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Field Trip Grant Program Exposes Children to Nature

Grant brings local elementary and middle schools to Hemlock Overlook Regional Park in Clifton.

Over 750 students went through the Field Trip Grant Program at Hemlock Overlook Regional Park, which includes team-building exercises like the one featured above.

Over 750 students went through the Field Trip Grant Program at Hemlock Overlook Regional Park, which includes team-building exercises like the one featured above. Photo contributed

The Dominion Foundation’s grant of $10,000 to the Northern Virginia Regional Park Authority will allow for children from local elementary and middle schools to attend field trips at Hemlock Overlook Regional Park in Clifton as part of the Field Trip Grant Program.

"They go and spend the whole day in this beautiful wooded park with lots of fun activities, and at the end of the day, the culmination is the zip line through the forest," said Paul Gilbert, the NVRPA executive director. "You’re literally going through the canopy of the trees. It’s just a lot of fun."

The Field Trip Grant Program helps schools that have higher percentages of subsidized lunches because those schools are more economically challenged and have difficulty sending their kids on field trips, Gilbert said.

"With budget cuts over the past few years, a lot of schools have less transportation money. One of the things about our grant program is we’ll select a school and give them $1,000 to help offset their cost. They can apply it to transportation or to the per child fee for the field trip. We try to make it as flexible and easy to use as possible," said Gilbert.

According to Gilbert, Hemlock Overlook features team-building exercises, as well as environmental education that aligns with the Virginia Standards of Learning.

"Just last year, we helped about 750 kids go through this program through this grant. That’s just through the grant. About 10,000 kids a year go through the Hemlock Program," Gilbert said.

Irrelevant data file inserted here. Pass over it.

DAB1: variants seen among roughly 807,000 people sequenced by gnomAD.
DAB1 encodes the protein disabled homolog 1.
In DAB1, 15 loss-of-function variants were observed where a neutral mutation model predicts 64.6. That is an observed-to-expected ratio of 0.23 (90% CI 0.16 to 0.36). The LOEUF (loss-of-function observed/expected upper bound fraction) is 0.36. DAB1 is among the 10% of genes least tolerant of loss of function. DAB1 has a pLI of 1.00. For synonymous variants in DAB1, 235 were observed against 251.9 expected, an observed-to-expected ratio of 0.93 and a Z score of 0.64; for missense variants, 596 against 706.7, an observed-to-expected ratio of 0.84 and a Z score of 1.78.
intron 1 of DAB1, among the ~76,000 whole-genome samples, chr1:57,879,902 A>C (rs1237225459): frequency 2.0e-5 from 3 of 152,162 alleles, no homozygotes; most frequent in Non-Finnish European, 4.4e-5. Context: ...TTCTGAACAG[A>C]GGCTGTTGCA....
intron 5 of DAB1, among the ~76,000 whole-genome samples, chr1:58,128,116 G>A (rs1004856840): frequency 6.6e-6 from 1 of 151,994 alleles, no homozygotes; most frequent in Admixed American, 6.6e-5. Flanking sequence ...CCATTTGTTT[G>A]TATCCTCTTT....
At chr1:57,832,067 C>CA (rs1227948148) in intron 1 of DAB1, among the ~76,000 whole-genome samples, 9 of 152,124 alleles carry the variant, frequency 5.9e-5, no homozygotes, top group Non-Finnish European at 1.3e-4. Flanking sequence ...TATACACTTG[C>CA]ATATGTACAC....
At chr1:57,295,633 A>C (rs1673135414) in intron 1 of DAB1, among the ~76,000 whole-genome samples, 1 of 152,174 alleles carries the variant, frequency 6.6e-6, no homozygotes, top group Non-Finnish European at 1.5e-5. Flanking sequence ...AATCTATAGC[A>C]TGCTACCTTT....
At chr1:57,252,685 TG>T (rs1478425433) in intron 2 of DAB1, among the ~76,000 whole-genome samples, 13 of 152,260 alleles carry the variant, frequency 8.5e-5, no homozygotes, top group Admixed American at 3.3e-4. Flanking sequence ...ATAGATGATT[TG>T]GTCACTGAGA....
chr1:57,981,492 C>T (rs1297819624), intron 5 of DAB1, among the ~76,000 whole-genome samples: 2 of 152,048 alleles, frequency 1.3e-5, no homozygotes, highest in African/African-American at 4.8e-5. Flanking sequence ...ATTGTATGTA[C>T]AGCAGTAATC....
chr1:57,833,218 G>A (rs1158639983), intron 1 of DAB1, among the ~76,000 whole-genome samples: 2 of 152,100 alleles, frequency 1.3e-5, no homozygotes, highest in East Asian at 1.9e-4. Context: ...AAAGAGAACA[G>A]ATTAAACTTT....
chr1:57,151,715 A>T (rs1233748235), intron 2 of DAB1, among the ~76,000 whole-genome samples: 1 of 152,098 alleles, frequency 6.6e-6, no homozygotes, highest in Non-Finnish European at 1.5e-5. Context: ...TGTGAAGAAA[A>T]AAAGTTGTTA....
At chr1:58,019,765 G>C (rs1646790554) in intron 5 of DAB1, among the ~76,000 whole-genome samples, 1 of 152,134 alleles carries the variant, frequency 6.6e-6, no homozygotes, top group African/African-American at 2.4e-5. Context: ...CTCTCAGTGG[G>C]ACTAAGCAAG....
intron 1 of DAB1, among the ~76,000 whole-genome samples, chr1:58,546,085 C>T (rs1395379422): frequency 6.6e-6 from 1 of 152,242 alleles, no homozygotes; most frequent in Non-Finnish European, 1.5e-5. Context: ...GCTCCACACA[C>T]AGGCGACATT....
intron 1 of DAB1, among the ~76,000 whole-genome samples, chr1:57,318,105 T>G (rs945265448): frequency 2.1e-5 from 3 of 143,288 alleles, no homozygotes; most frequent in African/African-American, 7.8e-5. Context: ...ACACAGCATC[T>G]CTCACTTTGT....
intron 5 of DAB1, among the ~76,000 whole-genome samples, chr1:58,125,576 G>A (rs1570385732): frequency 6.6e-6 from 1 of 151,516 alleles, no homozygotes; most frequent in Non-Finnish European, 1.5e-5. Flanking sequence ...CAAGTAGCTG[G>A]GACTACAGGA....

The donation helps NVPRA’s larger goal of getting more children and families outdoors.

"There’s been a big movement to get more kids engaged with nature outdoors. That’s what this effort, Nature Nuts, is about. We set a goal of having half a million kids in Northern Virginia to have a meaningful outdoor experience through the regional parks over a five year program," Gilbert said.

According to Brian Bauer, the marketing and communications administrator for NVRPA, getting kids outside can be difficult, especially with modern conveniences like iPhones and video games.

"Based on jobs and hours and traffic and everything else, it’s hard to get kids outside. Especially this time of year, when we get home at night, by the time we get in our parking space, it’s practically dark," Bauer said.

Gilbert said that giving kids more unstructured time outside can be good for their imagination and creativity, and can build confidence.

"I think because of society and technology and the rest of it, we have to be intentional about getting kids involved with nature. With just the Hemlock experience, if kids go and have this wonderful and positive experience, running around the woods and doing fun things, they are going to remember that forever," Gilbert said. "You build your mind, your body, and everything else in the process of these outdoor experiences."

According to Gilbert, the recession may have drawn more people into NVRPA parks.

"Our camping and picnic reservations and water park attendance have been increasing quite a bit. People have been finding our parks, enjoying them and using them more than ever," Gilbert said.

Although Bauer and Gilbert recognize that it may be difficult for parks to compete with electronics, the benefits of being outdoors are worthwhile.

"Just go visit a park. Take your kids to the playground, or take them for a hike on a trail," Gilbert said.

Carolyn Moss, the managing director for state and local affairs for the Mid-Atlantic Region for Dominion, said that Paul Gilbert’s leadership of NVRPA is exceptional. Moss said they chose to support NVRPA because their environmental education programs reach a large number of children.

"We look forward to support them for many years to come," Moss said.